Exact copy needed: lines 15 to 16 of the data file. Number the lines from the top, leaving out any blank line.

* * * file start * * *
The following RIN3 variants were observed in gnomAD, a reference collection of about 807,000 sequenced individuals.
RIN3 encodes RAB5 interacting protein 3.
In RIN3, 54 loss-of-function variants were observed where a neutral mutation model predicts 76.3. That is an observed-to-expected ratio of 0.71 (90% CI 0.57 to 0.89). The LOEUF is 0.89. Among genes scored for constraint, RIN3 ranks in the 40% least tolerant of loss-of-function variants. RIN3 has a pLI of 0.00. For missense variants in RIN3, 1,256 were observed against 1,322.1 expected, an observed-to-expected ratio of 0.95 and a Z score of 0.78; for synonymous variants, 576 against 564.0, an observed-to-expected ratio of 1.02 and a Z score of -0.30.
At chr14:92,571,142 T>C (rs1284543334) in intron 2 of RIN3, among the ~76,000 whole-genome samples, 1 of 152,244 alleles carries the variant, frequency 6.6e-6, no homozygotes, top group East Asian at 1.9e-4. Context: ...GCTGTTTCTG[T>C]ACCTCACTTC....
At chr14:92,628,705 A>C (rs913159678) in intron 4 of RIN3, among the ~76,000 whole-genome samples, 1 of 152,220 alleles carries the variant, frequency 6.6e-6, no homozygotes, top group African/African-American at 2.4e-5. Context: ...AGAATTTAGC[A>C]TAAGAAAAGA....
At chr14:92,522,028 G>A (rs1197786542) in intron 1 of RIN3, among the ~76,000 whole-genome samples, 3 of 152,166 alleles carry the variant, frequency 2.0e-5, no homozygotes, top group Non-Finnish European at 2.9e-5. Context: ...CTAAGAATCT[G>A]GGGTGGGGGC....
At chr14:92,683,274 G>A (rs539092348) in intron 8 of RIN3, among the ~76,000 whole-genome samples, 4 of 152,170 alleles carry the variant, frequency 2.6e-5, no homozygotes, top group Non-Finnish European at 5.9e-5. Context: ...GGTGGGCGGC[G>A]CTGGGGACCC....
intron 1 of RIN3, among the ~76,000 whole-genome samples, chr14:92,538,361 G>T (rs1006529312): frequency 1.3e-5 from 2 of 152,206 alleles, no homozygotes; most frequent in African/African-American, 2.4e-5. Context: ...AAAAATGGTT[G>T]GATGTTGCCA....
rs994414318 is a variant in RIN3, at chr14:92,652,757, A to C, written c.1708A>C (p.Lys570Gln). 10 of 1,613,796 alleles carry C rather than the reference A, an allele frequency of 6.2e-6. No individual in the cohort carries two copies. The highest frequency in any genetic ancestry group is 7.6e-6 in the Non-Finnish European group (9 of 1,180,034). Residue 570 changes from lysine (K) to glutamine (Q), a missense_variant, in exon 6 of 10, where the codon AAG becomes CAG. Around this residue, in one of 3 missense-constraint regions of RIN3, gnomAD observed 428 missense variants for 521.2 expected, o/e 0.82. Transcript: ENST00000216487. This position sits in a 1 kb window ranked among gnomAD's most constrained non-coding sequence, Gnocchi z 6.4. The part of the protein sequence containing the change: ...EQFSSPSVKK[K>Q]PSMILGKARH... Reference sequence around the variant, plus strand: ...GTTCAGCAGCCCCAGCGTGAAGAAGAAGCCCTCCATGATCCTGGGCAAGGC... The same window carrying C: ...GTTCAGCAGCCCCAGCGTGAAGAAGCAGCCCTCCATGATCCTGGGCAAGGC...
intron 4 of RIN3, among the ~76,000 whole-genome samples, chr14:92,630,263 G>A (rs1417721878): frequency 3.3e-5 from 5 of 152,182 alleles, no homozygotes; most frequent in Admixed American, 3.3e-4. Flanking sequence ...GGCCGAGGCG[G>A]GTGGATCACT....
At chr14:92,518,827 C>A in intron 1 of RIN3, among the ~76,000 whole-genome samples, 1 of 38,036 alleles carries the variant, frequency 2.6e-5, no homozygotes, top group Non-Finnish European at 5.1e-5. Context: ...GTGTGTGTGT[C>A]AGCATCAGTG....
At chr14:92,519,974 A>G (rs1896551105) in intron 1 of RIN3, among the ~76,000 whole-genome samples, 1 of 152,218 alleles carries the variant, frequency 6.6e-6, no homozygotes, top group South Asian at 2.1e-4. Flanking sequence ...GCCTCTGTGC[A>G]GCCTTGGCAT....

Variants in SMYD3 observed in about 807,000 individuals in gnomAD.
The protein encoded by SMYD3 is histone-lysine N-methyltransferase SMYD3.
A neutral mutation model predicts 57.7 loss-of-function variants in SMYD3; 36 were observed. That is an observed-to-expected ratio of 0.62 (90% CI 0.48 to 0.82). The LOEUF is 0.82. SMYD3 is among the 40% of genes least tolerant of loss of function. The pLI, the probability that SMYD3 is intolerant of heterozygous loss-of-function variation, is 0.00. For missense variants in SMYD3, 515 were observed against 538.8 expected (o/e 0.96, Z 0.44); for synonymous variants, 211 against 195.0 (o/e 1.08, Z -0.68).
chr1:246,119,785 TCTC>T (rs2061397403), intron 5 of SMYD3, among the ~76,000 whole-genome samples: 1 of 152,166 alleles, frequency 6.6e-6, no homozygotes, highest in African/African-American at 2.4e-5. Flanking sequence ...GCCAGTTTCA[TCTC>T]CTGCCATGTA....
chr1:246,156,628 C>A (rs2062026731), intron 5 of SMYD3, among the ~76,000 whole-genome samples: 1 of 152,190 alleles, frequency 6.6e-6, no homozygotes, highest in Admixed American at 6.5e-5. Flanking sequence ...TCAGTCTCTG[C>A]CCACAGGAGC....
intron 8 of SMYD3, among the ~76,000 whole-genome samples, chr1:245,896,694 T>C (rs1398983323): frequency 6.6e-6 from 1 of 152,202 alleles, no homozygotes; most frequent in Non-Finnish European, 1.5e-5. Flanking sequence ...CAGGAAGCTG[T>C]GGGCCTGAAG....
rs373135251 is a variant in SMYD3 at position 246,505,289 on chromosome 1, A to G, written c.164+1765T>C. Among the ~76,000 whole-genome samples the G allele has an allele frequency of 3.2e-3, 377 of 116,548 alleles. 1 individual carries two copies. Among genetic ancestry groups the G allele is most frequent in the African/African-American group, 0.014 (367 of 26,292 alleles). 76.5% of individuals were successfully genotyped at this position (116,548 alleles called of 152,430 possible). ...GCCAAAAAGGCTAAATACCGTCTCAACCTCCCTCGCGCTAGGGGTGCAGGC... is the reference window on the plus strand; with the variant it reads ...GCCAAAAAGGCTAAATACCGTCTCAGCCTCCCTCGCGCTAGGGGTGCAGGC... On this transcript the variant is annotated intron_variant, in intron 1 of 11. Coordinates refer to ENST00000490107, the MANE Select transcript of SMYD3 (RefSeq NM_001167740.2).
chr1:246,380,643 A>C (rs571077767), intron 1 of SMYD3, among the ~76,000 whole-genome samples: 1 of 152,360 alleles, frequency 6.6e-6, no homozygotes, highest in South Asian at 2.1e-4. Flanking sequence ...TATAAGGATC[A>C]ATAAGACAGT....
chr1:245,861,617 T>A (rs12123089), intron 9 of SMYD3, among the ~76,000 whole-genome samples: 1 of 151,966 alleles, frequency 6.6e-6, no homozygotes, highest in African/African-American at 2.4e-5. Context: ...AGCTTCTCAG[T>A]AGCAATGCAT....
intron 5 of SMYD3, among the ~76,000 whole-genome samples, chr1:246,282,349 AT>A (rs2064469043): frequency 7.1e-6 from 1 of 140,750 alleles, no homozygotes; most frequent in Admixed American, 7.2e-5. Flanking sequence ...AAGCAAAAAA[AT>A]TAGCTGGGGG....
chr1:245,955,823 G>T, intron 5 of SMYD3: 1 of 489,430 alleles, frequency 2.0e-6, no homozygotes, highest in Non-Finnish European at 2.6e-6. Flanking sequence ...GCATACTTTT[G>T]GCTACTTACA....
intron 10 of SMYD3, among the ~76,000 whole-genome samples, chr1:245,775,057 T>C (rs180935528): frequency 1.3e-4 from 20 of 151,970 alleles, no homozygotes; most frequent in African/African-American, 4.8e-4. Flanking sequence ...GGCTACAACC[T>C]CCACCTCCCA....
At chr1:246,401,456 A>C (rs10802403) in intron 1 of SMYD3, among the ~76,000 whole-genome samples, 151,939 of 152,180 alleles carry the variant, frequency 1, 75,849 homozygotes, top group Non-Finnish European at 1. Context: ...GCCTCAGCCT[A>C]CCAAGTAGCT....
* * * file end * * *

A neutral mutation model predicts 57.7 loss-of-function variants in SMYD3; 36 were observed. That is an observed-to-expected ratio of 0.62 (90% CI 0.48 to 0.82). The LOEUF is 0.82. SMYD3 is among the 40% of genes least tolerant of loss of function. The pLI, the probability that SMYD3 is intolerant of heterozygous loss-of-function variation, is 0.00. For missense variants in SMYD3, 515 were observed against 538.8 expected (o/e 0.96, Z 0.44); for synonymous variants, 211 against 195.0 (o/e 1.08, Z -0.68).
chr1:246,119,785 TCTC>T (rs2061397403), intron 5 of SMYD3, among the ~76,000 whole-genome samples: 1 of 152,166 alleles, frequency 6.6e-6, no homozygotes, highest in African/African-American at 2.4e-5. Flanking sequence ...GCCAGTTTCA[TCTC>T]CTGCCATGTA....